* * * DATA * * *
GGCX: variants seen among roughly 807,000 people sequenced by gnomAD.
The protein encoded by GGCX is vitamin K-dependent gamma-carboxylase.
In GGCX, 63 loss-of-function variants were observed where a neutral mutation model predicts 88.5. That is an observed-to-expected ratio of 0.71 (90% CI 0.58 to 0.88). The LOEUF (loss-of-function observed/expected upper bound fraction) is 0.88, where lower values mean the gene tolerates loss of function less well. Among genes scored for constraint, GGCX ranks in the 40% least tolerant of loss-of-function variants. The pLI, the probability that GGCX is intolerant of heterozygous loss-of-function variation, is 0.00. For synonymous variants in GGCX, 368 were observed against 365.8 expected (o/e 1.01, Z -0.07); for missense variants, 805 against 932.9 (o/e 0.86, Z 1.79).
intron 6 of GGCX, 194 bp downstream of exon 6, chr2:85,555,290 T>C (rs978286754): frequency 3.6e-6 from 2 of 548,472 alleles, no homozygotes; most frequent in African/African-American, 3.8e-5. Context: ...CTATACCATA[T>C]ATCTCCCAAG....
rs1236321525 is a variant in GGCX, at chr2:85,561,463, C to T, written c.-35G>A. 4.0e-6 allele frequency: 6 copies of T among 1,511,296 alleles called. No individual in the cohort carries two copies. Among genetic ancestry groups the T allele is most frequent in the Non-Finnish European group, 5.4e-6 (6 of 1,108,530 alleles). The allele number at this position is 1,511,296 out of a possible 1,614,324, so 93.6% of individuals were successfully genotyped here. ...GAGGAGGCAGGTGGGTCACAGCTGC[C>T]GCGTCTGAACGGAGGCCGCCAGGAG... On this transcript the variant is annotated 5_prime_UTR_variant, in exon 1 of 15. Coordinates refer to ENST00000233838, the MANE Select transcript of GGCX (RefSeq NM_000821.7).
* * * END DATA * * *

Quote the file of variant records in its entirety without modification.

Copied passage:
GGCX: variants seen among roughly 807,000 people sequenced by gnomAD.
The protein encoded by GGCX is vitamin K-dependent gamma-carboxylase.
In GGCX, 63 loss-of-function variants were observed where a neutral mutation model predicts 88.5. That is an observed-to-expected ratio of 0.71 (90% CI 0.58 to 0.88). The LOEUF (loss-of-function observed/expected upper bound fraction) is 0.88, where lower values mean the gene tolerates loss of function less well. Among genes scored for constraint, GGCX ranks in the 40% least tolerant of loss-of-function variants. The pLI, the probability that GGCX is intolerant of heterozygous loss-of-function variation, is 0.00. For synonymous variants in GGCX, 368 were observed against 365.8 expected (o/e 1.01, Z -0.07); for missense variants, 805 against 932.9 (o/e 0.86, Z 1.79).
intron 6 of GGCX, 194 bp downstream of exon 6, chr2:85,555,290 T>C (rs978286754): frequency 3.6e-6 from 2 of 548,472 alleles, no homozygotes; most frequent in African/African-American, 3.8e-5. Context: ...CTATACCATA[T>C]ATCTCCCAAG....
rs1236321525 is a variant in GGCX, at chr2:85,561,463, C to T, written c.-35G>A. 4.0e-6 allele frequency: 6 copies of T among 1,511,296 alleles called. No individual in the cohort carries two copies. Among genetic ancestry groups the T allele is most frequent in the Non-Finnish European group, 5.4e-6 (6 of 1,108,530 alleles). The allele number at this position is 1,511,296 out of a possible 1,614,324, so 93.6% of individuals were successfully genotyped here. ...GAGGAGGCAGGTGGGTCACAGCTGC[C>T]GCGTCTGAACGGAGGCCGCCAGGAG... On this transcript the variant is annotated 5_prime_UTR_variant, in exon 1 of 15. Coordinates refer to ENST00000233838, the MANE Select transcript of GGCX (RefSeq NM_000821.7).